Sustain Gov. Cooper’s veto, keep legal notices in newspapersEditorial / August 4, 2017
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The following editorial also appears in the High Point Enterprise, Jamestown News and News and Record
HB 205 originally was written to change provisions of the Workers’ Compensation Act as it relates to employing prisoners. But near the end of the General Assembly session, a rider was attached to the bill that would have created a pilot program in Guilford County that would allow local governments to remove public notices and legal advertisers from newspapers and their websites and place them on government websites.
Why Gov. Cooper acted
As Gov. Cooper said in announcing his veto, “time and again, this legislature has used the levers of big government to attack important institutions in our state who may disagree with them from time to time. Unfortunately, this legislation is another example of that misguided philosophy meant to specifically threaten and harm the media. Legislation that enacts retribution on the media threatens a free and open press, which is fundamental to our democracy.”
HB 205 is just the latest example of North Carolina legislators using their clout in the General Assembly to settle personal scores.
The pilot program targeting public notices and legal advertising was originally part of Senate Bill 343, sponsored by Sen. Trudy Wade (R-Guilford). Sen. Wade says the change would improve transparency and the public’s access to important information.
But she ignores the reality that a digital divide still exists. Many in our communities still lack have internet access — some because they are uncomfortable with the technology, others because they can’t afford it. Far too often, rezonings, redistricting, road closures and landfill debates disproportionately affect poor communities and communities of color. These populations know they can count on a hard copy of a newspaper for vital information.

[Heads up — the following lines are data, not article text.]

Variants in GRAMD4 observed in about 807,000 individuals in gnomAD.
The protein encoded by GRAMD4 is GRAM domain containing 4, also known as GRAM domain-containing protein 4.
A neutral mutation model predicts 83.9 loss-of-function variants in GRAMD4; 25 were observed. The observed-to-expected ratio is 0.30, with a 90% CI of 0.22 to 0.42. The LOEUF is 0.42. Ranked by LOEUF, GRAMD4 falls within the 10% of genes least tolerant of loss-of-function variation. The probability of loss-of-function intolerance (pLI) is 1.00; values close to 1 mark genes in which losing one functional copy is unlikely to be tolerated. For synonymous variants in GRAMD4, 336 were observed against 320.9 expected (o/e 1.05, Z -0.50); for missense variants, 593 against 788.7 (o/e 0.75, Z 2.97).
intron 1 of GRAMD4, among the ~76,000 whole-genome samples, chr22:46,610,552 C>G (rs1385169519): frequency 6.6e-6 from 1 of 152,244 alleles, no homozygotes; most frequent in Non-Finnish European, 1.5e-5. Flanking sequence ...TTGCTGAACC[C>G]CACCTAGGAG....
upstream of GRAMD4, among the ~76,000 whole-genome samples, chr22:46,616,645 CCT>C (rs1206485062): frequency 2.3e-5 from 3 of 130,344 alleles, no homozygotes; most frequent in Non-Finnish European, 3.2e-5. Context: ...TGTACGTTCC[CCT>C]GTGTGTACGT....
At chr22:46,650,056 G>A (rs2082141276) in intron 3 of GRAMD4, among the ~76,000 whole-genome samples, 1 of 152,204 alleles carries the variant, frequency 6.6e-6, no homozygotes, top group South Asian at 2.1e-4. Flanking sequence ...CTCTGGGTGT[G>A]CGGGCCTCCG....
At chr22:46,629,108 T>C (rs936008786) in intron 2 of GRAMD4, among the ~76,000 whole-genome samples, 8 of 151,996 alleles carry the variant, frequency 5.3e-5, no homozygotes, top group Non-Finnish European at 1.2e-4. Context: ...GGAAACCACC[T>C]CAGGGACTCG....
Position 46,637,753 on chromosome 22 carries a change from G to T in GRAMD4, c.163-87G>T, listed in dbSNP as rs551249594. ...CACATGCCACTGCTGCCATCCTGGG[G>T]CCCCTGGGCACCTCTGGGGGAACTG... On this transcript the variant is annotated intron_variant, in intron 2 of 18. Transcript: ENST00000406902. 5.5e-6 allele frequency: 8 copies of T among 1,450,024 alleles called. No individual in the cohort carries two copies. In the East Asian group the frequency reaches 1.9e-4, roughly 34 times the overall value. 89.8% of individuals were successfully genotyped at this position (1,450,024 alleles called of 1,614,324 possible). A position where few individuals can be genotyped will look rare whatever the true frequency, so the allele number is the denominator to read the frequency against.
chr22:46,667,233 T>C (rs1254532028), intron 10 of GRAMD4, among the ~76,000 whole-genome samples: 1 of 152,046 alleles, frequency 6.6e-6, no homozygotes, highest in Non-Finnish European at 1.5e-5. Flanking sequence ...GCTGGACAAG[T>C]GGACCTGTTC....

The bill’s target
Three Democratic legislators from Guilford County said the true aim of the legislation was to damage the News & Record.
The bill would have a negative financial impact on the News & Record and The High Point Enterprise, but the damage would be far greater for smaller newspapers such as the Jamestown News and The Carolina Peacemaker. The Jamestown News would likely go out of business if the bill becomes law.
More significantly, we know that far more people read our papers and Web sites than read local government Wsites. We are troubled by the loss of transparency that would no doubt result from government controlling how this information is shared.
This is why the four newspapers have joined together to protect the public’s right to information about actions being considered by local governments
Do the right thing
As s a group, we ask Guilford Republicans Jon Hardister, John Faircloth and John Blust to reconsider their support for a bill that would hurt their constituents.
We ask the 14 Republican members of the House who voted against this bill in June to stand firm and vote to sustain the governor’s veto on Aug. 3.
We also ask that the five Democrats who voted for the bill as part of a separate deal support the governor’s veto.
Public notices are a government responsibility, not a government function.
We see no benefit to our communities that would come from this bill becoming law.